Wednesday to Sunday!
31 Jan – 4 Feb 2018
Children can enter the world of robots with the “Robomaker” from Italian company Clementoni S.p.A. (Hall 10.1 / A-01, A-02, C-03). The more than 250 components in the set can be combined to build five different robots, which can be programmed manually or via app. Infrared sensors allow the robots to detect, grasp and carry objects.
The “ROBOTICS TXT Smart Home Set” from fischertechnik GmbH (Hall 4 / E-09, F-10) helps introduce children to the digital world and learn programming skills through play. Via cloud interaction, the sensor station combined with the ROBOTICS TXT controller and Robo Pro software enable queries of the “environmental wellness sensor”, for example. This determines whether the air conditioning should be turned on in your living room at home.
With the new “Playmogram 3D” sets from PLAYMOBIL - geobra Brandstätter Stiftung & Co. KG (Hall 12.2 / P-07), smart devices become hologram projectors. The new sets each contain a “Playmogram 3D Pyramid” and a Ghostbuster figure, with all of the equipment. By downloading the Playmogram 3D app and placing the hologram pyramid as indicated on a smartphone or tablet, ghostly projections are brought to life before your very eyes. One quick move and the ghost is pulled into the trap.
Ravensburger Spieleverlag GmbH (Hall 12.0 / A-12, D-13) is presenting the new recording and playback feature of its tiptoi pen with “tiptoi CREATE”. From autumn 2018, children will be able to use the integrated microphone to make their own recordings and play them back, imaginatively creating their own tiptoi world.
With “Coloring Constructor”, Latvian company Smubic (Hall 3A/D-22) is showing that simpler materials can also be used to create imaginative worlds. Buildings and entire villages can be built from the construction elements, made of recycled cardboard. Children can then paint them anyway they wish with all kinds of paints.
Technical components can also be found in wooden toys. Austrian company Matador Spielwaren GmbH (Hall 3A / H-02) is presenting the “Maker” wooden construction kit. Children aged just three and older can use the Matador hammer to connect building blocks and pins. Using the special pliers, the constructions can be taken apart again and re-assembled to form new structures.
The “My Little World” products from German Herpa Miniaturmodelle GmbH (Hall 4A / E-239) consist of pre-punched sheets of paper with a special coated material. With the “Mia and Me” licensed product, the land of Centopia from the popular TV series is created together with its animated heroes. A “secret compartment” keeps treasures and secrets safe.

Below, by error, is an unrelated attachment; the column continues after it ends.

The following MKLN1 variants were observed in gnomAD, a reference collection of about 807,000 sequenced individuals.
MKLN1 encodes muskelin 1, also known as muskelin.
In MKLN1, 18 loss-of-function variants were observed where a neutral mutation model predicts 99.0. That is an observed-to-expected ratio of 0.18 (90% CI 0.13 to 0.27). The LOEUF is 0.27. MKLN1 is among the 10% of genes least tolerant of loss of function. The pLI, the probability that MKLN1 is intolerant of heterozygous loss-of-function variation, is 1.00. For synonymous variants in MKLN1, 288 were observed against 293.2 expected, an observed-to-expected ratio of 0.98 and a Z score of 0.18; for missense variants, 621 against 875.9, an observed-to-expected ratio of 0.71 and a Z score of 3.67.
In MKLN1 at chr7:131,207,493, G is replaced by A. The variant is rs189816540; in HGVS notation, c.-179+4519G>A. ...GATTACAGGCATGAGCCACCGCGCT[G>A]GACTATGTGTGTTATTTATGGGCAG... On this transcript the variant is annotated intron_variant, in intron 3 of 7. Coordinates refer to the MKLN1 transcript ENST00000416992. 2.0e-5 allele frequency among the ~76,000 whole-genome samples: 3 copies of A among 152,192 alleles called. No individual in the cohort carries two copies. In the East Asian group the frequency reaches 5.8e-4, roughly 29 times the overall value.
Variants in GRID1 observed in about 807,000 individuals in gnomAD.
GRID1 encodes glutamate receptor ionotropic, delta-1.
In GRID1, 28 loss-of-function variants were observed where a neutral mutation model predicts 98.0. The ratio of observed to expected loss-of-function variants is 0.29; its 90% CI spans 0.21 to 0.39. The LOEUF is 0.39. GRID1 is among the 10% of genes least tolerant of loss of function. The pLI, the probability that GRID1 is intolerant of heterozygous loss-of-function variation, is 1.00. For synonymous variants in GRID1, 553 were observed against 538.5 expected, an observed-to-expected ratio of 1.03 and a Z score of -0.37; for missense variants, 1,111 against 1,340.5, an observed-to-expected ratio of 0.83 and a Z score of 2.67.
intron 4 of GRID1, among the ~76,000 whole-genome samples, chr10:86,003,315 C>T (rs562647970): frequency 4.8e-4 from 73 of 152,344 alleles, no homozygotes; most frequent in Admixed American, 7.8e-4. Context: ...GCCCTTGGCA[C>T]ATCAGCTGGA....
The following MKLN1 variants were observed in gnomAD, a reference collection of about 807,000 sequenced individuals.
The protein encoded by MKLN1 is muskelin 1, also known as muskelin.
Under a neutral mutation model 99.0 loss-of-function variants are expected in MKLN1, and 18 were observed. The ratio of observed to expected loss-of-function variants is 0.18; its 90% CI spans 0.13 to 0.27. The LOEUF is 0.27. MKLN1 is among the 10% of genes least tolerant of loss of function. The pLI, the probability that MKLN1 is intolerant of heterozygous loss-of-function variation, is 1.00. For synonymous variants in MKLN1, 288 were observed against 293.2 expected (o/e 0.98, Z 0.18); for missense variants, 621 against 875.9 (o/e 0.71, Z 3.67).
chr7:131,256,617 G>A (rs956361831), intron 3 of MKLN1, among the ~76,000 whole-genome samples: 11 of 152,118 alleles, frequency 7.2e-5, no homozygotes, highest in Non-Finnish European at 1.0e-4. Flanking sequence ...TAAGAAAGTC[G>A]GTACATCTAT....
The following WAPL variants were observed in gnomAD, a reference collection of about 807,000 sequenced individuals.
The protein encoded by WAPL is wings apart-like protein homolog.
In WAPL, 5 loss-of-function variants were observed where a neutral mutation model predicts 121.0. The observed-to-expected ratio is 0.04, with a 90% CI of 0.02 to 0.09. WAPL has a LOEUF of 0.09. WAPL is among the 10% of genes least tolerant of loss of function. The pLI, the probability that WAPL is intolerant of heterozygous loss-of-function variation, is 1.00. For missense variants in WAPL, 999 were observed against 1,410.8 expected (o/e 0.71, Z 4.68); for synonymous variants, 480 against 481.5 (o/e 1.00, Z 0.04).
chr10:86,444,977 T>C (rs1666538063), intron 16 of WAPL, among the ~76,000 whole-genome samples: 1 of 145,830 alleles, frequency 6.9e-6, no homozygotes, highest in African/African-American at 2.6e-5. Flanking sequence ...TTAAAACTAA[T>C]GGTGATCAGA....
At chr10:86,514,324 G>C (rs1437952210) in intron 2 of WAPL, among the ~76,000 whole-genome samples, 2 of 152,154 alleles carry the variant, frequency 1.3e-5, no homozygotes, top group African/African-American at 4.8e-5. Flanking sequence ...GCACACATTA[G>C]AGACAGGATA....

US company PIXIO (Hall 3A / D-44) has found an original way to use magnetic force to build objects. The magnetic building blocks can be connected as you want and stick together without any visible fixing elements. The components are standardised cubes, which the designers believe to be the most fundamental form – both mathematically and aesthetically.
Classic marble runs can now be very simply built using magnetic force. Prefabricated track elements are fixed to a magnetic board, with the marbles following the pull of gravity around a triangular tower. Marble run builders must take care to ensure that the start and end points of the individual track elements line up for a clear run (Magnet Ltd., China; Hall 5 / A-31)
A spider catching metal discs with its magnetic metal legs: that’s the idea behind “Spider Spin” from Catchup Toys Ltd. (Hall 12.0 / H-04-4) from Hong Kong. Two or more children compete by setting their spinning spiders in motion and hoping that their spider catches the most discs with a positive value. The action stays exciting to the end, because any player can play a joker to wipe out his opponent’s points.
Spinning, rolling and jumping, it’s all go-go-go with the LEGO NINJAGO Spinjitzu spinners from LEGO GmbH (Hall 12.2 / P-01). The LEGO minifigure capsules are attached to the spinners. Cool moves result when these are set in motion by pulling on the rip cord.
The WowWee Fingerlings, distributed in Germany by Jazwares (Hall 6 / C-41), created a big stir last year. New this year is the “Baby Unicorn”. This little pet, who likes to cling to your finger and other objects of the same shape, responds to his new owner with very special unicorn noises. Innovative technology allows the Baby Unicorn to respond to his environment through noise, movement and touch. A noise sensor allows direct communication.
Hatchimals, a worldwide success for Canadian company Spin Master (Hall 12.0 / D-10), are gaining a creative dimension. The new “Hatchimals Theme Kit” from Bunchems allows children aged four and older to build their own Hatchimal from little colourful Velcro balls. Just like the original, the Bunchems Hatchimal is also enclosed in an egg.
The Happy Series from Dickie Toys (SIMBA DICKIE GROUP; Hall 4 / C-04; 6 / B-02, C-03; 6 / B-01; 7A / B-119) will incorporate a new true-to-life toy vehicle in March 2018. The “Happy Farm Trailer” developed with Fendt, a manufacturer of agricultural machinery, boasts numerous light and sound effects as well as a removable and manually movable front shovel. The tractor, including trailer, comes in at 65 centimetres in length.
To mark the 100th anniversary of John Deere joining the tractor business, BRUDER (Hall 4 / C-04; 6 / B-02) is bringing out an impressive John Deere 9620 RX tractor with track system. It features innovative articulated steering and an all-terrain track system newly developed by BRUDER for its tractors. Both details increase the fun factor and represent a USP among tractors. The tracks keep the tractor stable, ensuring it stays firmly on the ground even in very uneven terrain.